David Barrett, Telegraph (London), January 23, 2014
Sham marriages are a “massive loophole” in Britain’s border controls and amount to a “golden ticket” into the country for immigrants, an official report has warned.
John Vine, the Chief Inspector of Borders and Immigration, highlighted serious failings in the way officials are attempting to combat bogus marriages.
He found evidence it could be a “growing problem”, but intelligence on the true picture was “lagging behind”.
The report said Home Office analysts said the four main non-European nationalities involved in sham marriages were Indian, Pakistani, Bangladeshi and Nigerian.
Men made up more than eight out of 10 of the non-European half of the arrangement. They were typically trying to marry someone from the newer eastern European states.
The report described how many of the women arrived in the country only a few days before the ceremony, and were referred to by immigration officials as “awayday brides”.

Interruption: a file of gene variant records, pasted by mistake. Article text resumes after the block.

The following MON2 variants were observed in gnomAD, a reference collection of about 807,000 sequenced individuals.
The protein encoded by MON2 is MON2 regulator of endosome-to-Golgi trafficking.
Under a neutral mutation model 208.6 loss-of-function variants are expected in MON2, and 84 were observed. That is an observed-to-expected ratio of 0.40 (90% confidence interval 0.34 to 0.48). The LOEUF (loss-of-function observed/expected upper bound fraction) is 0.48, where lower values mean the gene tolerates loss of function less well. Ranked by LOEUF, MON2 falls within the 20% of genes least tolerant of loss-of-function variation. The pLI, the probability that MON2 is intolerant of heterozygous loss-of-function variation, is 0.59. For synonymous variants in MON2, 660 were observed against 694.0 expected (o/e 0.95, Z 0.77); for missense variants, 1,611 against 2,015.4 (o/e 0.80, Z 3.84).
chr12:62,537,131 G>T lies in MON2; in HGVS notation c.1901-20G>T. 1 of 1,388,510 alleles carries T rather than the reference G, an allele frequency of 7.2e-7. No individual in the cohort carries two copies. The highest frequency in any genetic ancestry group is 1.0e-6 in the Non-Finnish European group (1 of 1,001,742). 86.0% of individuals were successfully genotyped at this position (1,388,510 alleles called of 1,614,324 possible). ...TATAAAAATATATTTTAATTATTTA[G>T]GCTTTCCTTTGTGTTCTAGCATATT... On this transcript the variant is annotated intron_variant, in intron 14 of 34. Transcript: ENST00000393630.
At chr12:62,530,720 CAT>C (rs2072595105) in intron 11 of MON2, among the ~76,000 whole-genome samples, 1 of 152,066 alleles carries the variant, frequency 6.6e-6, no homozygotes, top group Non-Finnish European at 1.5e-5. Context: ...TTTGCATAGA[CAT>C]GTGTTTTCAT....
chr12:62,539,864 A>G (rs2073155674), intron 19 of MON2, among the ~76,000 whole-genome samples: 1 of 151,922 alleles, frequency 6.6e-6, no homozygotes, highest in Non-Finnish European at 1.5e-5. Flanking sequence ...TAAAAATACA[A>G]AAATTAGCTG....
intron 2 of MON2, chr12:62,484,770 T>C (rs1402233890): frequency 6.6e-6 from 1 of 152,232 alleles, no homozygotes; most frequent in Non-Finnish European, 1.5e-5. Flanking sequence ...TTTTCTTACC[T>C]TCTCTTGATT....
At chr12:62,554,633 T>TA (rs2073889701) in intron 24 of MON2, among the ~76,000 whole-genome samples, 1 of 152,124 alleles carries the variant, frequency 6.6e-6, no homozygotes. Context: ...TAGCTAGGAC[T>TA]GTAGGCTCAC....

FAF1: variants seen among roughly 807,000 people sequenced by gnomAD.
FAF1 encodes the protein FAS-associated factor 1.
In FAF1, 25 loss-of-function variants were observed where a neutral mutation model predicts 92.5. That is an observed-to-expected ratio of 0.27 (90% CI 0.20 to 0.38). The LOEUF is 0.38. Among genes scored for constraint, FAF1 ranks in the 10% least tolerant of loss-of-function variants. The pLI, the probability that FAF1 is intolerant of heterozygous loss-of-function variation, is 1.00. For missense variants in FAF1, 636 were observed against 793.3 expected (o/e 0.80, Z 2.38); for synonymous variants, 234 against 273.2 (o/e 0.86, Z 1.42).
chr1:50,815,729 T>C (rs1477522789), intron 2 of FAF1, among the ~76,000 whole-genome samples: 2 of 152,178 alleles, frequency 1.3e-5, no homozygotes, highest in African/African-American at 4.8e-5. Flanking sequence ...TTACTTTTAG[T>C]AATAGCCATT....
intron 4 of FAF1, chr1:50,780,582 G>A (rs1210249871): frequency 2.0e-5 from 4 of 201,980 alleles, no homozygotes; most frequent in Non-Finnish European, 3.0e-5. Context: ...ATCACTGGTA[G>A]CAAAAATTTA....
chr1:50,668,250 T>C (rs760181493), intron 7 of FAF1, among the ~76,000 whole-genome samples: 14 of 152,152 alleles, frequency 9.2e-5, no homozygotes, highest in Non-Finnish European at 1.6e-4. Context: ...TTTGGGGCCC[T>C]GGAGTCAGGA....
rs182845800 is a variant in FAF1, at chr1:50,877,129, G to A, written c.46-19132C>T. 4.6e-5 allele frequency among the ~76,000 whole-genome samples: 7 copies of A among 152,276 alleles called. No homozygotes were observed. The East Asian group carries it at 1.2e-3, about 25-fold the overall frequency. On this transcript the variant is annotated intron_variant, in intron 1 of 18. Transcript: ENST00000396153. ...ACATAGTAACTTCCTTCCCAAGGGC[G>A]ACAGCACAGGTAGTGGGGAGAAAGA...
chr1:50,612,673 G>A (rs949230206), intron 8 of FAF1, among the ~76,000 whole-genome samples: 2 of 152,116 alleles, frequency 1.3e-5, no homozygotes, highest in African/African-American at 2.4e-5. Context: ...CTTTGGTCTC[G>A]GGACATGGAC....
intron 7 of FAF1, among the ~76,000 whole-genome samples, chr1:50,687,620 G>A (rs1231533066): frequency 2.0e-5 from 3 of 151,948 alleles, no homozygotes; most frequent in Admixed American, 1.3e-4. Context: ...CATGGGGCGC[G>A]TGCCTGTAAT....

A significant number of sham marriages may be going undetected because register offices are failing to report suspicious couples to immigration officials, the report added.
“A Home Office senior manager described the obtaining of residency through sham marriage as akin to a ‘golden ticket’,” it said.
“All staff we interviewed . . . stressed the importance of receiving co-operation from registrars in tackling sham marriage.
“One went so far as to describe sham marriage as a ‘massive loophole in the immigration rules’.”
Just 20 register offices reported more suspicious marriages to the Home Office than the other 88 offices put together, the investigation found.
No reports at all were received from some of the country’s largest cities – although the inspector declined to reveal which ones.
Mr Vine said: “Many register offices refer few, if any, cases of suspected sham marriage to the Home Office, despite the fact that they have a statutory duty to do so.
“This means that a significant number of sham marriages may be going undetected.
“It also creates a risk that sham marriages will be displaced from areas where they are identified to those where they are not.”
He said the Home Office should work with the General Register Office to ensure that all suspicions are reported.
A Home Office spokeswoman said: “Registrars have a duty to report suspected sham marriages to the Home Office and we are working more closely with the General Register Office to increase awareness and improve the national response.
“The Immigration Bill will introduce new measures to give our officers and registrars more time to investigate, prosecute and remove those attempting to stage sham marriages.”